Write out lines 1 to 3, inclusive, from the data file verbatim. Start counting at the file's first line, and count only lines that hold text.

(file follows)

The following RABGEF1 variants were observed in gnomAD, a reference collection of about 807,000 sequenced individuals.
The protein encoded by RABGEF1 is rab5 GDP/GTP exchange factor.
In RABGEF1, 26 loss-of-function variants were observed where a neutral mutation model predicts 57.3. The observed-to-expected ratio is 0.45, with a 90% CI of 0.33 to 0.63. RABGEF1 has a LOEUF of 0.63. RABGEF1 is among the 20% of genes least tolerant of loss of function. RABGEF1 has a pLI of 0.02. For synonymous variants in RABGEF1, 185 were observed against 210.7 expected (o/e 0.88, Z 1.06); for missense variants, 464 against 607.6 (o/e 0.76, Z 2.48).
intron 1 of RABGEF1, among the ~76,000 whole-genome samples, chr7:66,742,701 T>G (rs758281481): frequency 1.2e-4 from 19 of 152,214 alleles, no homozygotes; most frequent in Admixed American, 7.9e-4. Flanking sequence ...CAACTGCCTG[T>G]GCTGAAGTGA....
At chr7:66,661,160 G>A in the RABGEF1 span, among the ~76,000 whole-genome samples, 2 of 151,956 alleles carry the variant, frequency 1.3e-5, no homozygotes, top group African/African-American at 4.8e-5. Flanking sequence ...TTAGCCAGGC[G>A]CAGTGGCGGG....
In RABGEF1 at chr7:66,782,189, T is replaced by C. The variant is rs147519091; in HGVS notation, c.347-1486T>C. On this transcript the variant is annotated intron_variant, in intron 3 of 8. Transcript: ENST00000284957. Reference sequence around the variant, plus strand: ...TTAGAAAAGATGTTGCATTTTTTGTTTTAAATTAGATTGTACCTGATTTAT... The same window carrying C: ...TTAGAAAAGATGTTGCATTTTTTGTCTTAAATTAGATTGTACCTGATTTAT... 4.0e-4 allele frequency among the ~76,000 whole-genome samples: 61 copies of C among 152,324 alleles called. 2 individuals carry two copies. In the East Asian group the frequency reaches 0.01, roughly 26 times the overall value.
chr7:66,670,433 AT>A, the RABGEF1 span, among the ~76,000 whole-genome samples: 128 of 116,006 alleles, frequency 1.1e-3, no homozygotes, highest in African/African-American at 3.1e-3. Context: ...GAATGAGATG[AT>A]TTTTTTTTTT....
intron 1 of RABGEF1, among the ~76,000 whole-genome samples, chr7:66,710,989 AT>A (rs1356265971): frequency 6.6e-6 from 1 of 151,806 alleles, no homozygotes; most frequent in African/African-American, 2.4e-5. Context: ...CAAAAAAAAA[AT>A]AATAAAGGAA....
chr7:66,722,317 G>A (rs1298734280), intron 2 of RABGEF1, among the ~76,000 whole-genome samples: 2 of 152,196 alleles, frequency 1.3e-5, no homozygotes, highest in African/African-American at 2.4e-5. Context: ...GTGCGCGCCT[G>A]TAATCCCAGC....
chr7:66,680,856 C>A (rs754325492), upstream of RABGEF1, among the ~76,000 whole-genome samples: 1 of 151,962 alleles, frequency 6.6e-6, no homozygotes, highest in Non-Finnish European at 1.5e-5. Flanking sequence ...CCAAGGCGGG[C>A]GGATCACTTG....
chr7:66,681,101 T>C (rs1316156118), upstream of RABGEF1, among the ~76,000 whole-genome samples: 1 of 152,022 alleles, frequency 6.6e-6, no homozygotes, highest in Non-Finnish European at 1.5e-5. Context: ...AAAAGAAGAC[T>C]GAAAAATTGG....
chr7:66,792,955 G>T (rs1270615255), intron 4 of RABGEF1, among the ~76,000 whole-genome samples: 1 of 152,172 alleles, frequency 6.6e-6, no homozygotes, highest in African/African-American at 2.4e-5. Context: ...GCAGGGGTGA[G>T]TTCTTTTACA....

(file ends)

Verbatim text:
The following RABGEF1 variants were observed in gnomAD, a reference collection of about 807,000 sequenced individuals.
The protein encoded by RABGEF1 is rab5 GDP/GTP exchange factor.
In RABGEF1, 26 loss-of-function variants were observed where a neutral mutation model predicts 57.3. The observed-to-expected ratio is 0.45, with a 90% CI of 0.33 to 0.63. RABGEF1 has a LOEUF of 0.63. RABGEF1 is among the 20% of genes least tolerant of loss of function. RABGEF1 has a pLI of 0.02. For synonymous variants in RABGEF1, 185 were observed against 210.7 expected (o/e 0.88, Z 1.06); for missense variants, 464 against 607.6 (o/e 0.76, Z 2.48).